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Christopher Joyce

Abstract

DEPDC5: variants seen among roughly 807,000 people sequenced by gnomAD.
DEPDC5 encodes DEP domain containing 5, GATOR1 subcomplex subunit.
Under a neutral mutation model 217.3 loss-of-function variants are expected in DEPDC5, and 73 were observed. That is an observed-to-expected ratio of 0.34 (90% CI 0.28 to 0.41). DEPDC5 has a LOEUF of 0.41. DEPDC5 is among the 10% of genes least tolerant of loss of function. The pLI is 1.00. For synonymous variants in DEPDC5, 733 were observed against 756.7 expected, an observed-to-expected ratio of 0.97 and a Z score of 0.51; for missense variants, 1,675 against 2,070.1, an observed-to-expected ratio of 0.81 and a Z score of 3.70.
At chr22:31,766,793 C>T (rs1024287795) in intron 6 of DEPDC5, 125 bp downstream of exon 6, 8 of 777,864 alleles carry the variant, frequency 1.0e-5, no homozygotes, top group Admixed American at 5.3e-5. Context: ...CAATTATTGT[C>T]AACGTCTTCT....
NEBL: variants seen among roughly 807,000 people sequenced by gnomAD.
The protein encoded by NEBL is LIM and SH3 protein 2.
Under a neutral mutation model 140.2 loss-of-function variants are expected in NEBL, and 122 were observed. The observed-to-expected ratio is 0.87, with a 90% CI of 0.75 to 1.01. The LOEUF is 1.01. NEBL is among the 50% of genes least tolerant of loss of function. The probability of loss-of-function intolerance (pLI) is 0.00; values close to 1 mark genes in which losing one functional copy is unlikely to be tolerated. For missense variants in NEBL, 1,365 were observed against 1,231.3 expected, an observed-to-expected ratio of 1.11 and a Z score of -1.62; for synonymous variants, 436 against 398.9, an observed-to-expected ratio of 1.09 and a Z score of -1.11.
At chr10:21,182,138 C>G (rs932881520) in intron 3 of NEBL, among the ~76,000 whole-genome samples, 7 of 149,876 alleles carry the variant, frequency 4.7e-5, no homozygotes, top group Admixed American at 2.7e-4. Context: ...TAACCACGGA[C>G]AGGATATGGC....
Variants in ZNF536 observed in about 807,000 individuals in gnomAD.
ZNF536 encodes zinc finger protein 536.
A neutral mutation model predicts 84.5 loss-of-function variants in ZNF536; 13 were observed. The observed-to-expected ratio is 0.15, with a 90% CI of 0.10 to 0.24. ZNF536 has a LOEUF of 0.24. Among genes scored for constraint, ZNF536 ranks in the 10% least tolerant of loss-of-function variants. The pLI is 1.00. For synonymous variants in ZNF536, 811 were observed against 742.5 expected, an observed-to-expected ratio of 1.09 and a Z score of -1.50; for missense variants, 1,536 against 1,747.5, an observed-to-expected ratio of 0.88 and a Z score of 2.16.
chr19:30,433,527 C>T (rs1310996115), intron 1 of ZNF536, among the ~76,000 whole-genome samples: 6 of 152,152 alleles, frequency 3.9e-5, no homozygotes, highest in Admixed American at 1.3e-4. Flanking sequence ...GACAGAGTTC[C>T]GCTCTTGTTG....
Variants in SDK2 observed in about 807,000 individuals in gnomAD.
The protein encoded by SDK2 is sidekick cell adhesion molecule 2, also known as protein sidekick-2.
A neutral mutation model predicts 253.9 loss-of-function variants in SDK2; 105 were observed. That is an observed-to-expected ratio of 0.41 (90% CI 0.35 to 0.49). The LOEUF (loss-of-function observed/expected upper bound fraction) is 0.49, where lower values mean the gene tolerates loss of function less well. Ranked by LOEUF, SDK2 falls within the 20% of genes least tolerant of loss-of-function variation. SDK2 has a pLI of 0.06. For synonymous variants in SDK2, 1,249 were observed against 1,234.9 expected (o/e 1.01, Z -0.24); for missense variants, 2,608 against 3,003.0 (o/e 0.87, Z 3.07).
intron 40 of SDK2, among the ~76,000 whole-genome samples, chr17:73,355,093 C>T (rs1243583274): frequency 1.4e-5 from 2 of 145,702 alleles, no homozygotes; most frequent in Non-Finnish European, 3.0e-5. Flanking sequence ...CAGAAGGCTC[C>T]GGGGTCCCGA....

This article challenges the modern orthodoxy which states that phratry membership was a necessary precondition of Athenian citizenship in the fifth and fourth centuries BC and argues that the purpose of the phratry was to establish not claims to citizenship, even though membership in a phratry was proof of citizenship, but inheritance entitlements. It questions the widespread assumption that citizens needed to be born of unions legally cemented by engyê. In turn, it challenges a recent attempt to argue that legitimacy of birth and legitimacy in community were one and the same. Finally, in examines passages of orators which show that the concern of the phratry was to establish not the right to participate in Athenian polity, which was the business of the deme to determine, but the right to inherit property, and in the light of those conclusions argues that while membership in the phratry proved citizenship, it was not essential or necessary for each and every citizen of Athens to be a member of a phratry, the chief purpose of which was to establish inheritance claims.